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As many readers may know, “crowdfunding” is a modern innovation for raising money.  Typically using internet sites like Indiegogo, Kickstarter, or GoFundMe, a person can set up a website to raise money to develop a product or initiate some kind of project.  Projects funded through crowdfunding range the gamut from feature films to video games to new styles of clothing.  Virtually any project can be funded through crowdfunding.  In return, “investors” will get some small benefit, like early access to the feature film.

As of this week, new SEC regulations have been put in place to allow the sale of securities in small business through crowdfunding.  This securities crowdfunding will be overseen and regulated by FINRA.

According to FINRA, anyone can invest in crowdfunded securities, but the amount one can invest depends on an individual’s income and net worth.  For instance, if your annual income or your net worth is less than $100,000, then you can invest a maximum of $2,000, or 5% of either your income or net worth (whichever is greater).  If, however, your annual income and your net worth are both over $100,000, then you can invest up to 10% of your annual income or net worth (whichever is greater).  The total amount invested in crowdfunded securities can never exceed $100,000.

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mosquito-on-my-hand-1385575The SEC has issued an Investor Alert regarding fraudsters attempting to profit by exploiting the dangers associated with the Zika virus.  For those not following the news, Zika is a tropical disease transmitted by mosquitoes.  Outbreaks have been reported in South America, with cases popping up in the United States.  Zika infections in pregnant mothers have recently been linked to microcephaly in babies, i.e., babies born with heads much smaller than expected, leading to significant public health concerns.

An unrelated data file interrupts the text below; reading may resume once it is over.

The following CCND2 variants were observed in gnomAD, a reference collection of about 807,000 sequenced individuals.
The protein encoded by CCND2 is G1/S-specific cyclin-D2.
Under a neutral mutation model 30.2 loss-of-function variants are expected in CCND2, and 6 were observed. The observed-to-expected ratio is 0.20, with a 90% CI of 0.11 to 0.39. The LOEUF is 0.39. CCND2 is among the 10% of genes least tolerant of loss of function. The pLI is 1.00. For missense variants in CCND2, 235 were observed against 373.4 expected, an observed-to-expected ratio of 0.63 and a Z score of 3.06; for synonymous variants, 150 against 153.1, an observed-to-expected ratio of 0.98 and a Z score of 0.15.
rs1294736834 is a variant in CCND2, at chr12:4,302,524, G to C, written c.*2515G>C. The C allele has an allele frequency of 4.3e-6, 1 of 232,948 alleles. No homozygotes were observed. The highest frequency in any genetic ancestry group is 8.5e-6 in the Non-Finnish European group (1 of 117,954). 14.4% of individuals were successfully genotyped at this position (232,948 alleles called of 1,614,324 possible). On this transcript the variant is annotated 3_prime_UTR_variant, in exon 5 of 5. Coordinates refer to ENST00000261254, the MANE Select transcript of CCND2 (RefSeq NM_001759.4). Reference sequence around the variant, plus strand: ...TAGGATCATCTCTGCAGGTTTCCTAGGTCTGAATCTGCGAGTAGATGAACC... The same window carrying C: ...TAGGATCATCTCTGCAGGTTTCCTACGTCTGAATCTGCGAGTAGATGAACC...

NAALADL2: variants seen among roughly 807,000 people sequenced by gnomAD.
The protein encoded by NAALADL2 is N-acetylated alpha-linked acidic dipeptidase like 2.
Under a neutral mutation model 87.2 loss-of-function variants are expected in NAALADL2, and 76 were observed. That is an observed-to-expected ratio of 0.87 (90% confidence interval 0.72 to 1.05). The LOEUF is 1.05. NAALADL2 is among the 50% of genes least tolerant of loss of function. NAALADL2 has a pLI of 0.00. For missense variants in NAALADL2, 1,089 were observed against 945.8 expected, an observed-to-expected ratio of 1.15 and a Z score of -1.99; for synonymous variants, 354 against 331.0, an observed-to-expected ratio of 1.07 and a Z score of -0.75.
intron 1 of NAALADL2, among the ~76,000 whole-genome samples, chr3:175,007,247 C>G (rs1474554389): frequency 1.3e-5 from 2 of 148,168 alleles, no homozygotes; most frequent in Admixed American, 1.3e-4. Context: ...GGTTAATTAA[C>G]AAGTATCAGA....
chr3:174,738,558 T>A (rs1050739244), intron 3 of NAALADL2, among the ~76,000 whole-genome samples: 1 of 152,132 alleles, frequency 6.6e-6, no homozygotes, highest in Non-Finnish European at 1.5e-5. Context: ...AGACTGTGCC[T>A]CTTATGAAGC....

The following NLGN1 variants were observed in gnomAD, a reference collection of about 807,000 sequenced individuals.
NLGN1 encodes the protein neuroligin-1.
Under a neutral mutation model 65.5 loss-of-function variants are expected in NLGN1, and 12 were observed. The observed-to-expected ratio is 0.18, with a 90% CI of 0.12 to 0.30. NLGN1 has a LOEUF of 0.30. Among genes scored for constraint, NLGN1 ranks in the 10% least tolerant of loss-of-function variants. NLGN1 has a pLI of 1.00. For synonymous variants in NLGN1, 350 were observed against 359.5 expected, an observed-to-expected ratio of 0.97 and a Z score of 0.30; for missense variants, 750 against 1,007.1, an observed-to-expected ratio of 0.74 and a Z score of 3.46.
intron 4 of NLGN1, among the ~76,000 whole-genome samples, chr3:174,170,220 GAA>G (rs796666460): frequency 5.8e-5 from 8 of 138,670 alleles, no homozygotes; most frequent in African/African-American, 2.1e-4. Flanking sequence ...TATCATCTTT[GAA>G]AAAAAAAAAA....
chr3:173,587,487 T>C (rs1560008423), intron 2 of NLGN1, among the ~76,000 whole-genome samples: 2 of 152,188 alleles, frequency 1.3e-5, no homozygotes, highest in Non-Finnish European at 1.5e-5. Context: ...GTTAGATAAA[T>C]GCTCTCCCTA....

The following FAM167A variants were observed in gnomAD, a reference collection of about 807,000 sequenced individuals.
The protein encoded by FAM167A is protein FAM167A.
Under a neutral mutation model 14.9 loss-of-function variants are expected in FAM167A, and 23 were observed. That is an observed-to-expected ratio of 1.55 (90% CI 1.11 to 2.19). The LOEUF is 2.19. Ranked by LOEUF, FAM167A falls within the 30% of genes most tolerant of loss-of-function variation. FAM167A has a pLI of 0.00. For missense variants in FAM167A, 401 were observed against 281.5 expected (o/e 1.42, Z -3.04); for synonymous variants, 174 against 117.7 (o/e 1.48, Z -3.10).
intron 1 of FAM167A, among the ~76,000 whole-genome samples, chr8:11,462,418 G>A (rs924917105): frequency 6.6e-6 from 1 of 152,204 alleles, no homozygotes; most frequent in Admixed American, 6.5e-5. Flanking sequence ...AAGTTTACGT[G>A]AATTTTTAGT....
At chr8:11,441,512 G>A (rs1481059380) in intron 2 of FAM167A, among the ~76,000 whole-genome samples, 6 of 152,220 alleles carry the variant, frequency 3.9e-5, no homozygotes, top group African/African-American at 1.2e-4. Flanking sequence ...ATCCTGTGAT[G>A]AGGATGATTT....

According to the SEC, fraudsters are attempting to sell investments in companies supposedly developing treatments or other products for Zika.  Scams could include so-called “pump-and-dump” schemes, whereby fraudsters encourage investors to buy shares in a company or a fund by spreading rumors that the company is involved in developing a treatment or cure for Zika.  The rumors prompt investors to buy the shares, thus driving up the price.  The fraudsters then sell their shares while the price is high but before the truth is revealed.  Penny stocks are particularly susceptible to this kind of fraud.  As always, be wary before sinking a significant sum of money in penny stocks.

The SEC recommends that investors use common sense before putting money in a Zika-related investment.  Specifically, before making any investment – especially one tied to Zika – an investor should do the following:

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In our law firm, we frequently represent elderly clients in claims against brokerage firms and financial advisors.  These claims usually include allegations that the broker took advantage of the elderly client, or recommended improper investments that benefited the broker more than the client.

Why and how do the elderly become so vulnerable to stockbroker abuse?  Some of the answers may surprise you.

Isolation and Loneliness  We have seen, over and over, elderly clients who are isolated and lonely.  We practice in South Florida, a haven for elderly retirees.  Many times, our clients’ families and loved ones live thousands of miles away.  On a day-to-day basis, these clients have very few friends or social interactions.

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Last spring, FINRA launched a Securities Helpline for Seniors – known as HELPS – as a resource for senior investors with questions and concerns.  With the country’s growing population of senior citizens, who are often targeted in fraudulent and deceptive investment schemes, the HELPS line is just another resource in FINRA’s recent push to protect our aging population.

The HELPS line launched on April 20, 2015, and through December 2015, more than 2,500 calls had been placed through the hotline.  The average age of the caller was 70 (though the actual age range was 22 to 100), and the calls lasted an average of 25 minutes each.  In 2015, HELPS staff assisted callers in recovering $750,000 in voluntary reimbursements from securities firms.

FINRA is also using data collected during calls to assist it with its regulatory goals.  By tracking trends in the calls placed to the hotline, FINRA can more readily issue Investor Alerts on topics of current interest.  For instance, after a spate of calls about transfer on death accounts, FINRA issued an Investor Alert about that specific topic.